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I saw an article in an archaeological group about a standing stone with tafoni. The state be was limestone iirc. Not having heard of the term before I looked it up. It struck me that the appearance was quite similar to the crease limestone that you get in the Forest of Dean. But it seems unlikely to be the same due to the amount of crease limestone? Anyone care to enlighten me?


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Also loosely termed boxwork or laticing, but these are found in finely veined rock that has etched out. Visually similar but different mechanisms? The tafoni can be marine or fresh water from what I have seen. It seems to be related to the breakdown of a surface skin of hard, weathered rock, allowing a core to erode out. Curious and picturesque


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Is that this stuff? Photographed under a ledge of bedrock (lying on my back with a wide-angle lens) somewhere near Calver.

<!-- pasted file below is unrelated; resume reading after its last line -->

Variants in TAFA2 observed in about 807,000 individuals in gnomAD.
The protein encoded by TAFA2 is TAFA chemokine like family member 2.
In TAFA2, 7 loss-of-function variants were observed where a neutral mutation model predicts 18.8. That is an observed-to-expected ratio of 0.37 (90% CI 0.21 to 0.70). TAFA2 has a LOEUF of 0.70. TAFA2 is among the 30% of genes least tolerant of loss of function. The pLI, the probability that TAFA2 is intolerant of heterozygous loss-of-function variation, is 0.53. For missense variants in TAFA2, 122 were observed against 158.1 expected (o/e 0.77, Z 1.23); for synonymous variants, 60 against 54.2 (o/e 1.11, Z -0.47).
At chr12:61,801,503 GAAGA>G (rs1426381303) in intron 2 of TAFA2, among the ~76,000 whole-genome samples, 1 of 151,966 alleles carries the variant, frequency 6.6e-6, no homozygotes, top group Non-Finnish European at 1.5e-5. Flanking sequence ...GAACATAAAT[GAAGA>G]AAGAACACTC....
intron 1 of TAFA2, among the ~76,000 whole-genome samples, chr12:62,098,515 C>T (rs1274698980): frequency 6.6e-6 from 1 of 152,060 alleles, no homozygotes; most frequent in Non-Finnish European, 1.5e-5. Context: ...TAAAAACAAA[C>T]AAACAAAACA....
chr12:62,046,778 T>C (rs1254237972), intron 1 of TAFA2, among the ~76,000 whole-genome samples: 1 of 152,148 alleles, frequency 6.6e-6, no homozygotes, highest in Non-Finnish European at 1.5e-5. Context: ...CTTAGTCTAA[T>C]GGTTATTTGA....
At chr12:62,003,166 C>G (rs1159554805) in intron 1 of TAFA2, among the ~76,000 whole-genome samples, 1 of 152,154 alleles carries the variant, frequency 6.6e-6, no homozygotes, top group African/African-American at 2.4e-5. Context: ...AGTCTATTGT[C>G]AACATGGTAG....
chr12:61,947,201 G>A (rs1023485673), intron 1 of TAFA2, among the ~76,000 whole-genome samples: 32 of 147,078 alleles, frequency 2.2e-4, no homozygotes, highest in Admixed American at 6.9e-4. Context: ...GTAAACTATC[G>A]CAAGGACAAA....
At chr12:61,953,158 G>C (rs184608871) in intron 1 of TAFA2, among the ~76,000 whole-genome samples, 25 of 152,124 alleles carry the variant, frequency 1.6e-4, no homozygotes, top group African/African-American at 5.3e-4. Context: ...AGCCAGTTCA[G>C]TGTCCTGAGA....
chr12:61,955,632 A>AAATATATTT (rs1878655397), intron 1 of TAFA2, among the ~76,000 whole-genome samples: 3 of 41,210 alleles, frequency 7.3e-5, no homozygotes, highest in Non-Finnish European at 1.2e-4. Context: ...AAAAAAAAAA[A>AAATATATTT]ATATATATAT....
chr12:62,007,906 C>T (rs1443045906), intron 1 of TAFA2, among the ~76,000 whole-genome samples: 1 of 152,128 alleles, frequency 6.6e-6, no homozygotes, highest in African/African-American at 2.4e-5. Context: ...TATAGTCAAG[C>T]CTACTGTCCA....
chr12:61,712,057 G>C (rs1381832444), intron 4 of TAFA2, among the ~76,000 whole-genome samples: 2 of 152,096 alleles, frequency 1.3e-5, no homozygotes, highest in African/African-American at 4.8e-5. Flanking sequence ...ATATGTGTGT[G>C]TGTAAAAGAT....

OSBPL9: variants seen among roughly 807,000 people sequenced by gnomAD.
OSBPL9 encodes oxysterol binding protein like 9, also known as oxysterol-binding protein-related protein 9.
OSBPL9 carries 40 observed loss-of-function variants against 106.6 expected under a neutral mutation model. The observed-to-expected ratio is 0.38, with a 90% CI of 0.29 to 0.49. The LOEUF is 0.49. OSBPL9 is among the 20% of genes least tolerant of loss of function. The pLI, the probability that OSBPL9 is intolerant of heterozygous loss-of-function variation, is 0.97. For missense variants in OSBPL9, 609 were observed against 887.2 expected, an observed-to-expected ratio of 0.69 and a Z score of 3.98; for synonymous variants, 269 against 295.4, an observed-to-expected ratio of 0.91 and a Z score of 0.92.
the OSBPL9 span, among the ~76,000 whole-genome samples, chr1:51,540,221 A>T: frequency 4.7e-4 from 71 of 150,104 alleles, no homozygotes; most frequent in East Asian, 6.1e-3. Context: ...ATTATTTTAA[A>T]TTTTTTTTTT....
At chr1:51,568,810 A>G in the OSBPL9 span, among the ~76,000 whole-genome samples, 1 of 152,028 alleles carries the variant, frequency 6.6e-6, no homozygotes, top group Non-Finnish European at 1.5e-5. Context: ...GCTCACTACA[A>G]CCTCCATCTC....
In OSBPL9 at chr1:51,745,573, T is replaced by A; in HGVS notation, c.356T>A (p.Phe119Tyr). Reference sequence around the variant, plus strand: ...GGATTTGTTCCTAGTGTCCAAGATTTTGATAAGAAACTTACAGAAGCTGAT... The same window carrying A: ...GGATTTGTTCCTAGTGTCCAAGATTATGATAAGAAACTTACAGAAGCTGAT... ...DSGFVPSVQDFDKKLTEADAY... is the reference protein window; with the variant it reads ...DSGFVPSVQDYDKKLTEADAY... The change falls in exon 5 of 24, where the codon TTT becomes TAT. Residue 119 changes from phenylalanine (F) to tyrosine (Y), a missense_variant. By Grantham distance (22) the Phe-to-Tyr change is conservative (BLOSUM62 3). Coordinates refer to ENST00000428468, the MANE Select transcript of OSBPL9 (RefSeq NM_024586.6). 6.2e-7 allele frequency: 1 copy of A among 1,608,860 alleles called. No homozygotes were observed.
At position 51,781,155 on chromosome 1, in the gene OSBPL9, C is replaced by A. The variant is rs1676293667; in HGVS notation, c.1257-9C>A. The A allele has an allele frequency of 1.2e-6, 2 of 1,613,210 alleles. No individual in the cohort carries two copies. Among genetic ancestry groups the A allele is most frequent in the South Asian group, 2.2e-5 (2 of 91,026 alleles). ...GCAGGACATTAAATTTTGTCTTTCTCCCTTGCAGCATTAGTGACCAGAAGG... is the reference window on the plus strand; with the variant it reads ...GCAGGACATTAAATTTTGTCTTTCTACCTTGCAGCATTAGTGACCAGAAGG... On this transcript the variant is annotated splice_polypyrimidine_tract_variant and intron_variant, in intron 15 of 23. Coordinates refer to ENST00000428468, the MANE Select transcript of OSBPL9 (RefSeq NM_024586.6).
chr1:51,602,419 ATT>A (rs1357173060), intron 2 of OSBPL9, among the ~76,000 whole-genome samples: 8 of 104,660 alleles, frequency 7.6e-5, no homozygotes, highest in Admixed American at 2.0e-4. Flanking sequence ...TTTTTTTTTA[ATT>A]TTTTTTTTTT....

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That's the lattice / boxwork type, with small resistant veins around more soluble host material. Typical of mineralised rocks or ones that have been subjected to a lot of stress. True tafoni is more well rounded on or in the surface of a weathered surface


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yes, from recollection of looking at the same bit of rock (in fact, I think it was there at the time the photo was taken) the proud bits are calcite/fluorite stringers that have resisted the erosion of the host rock.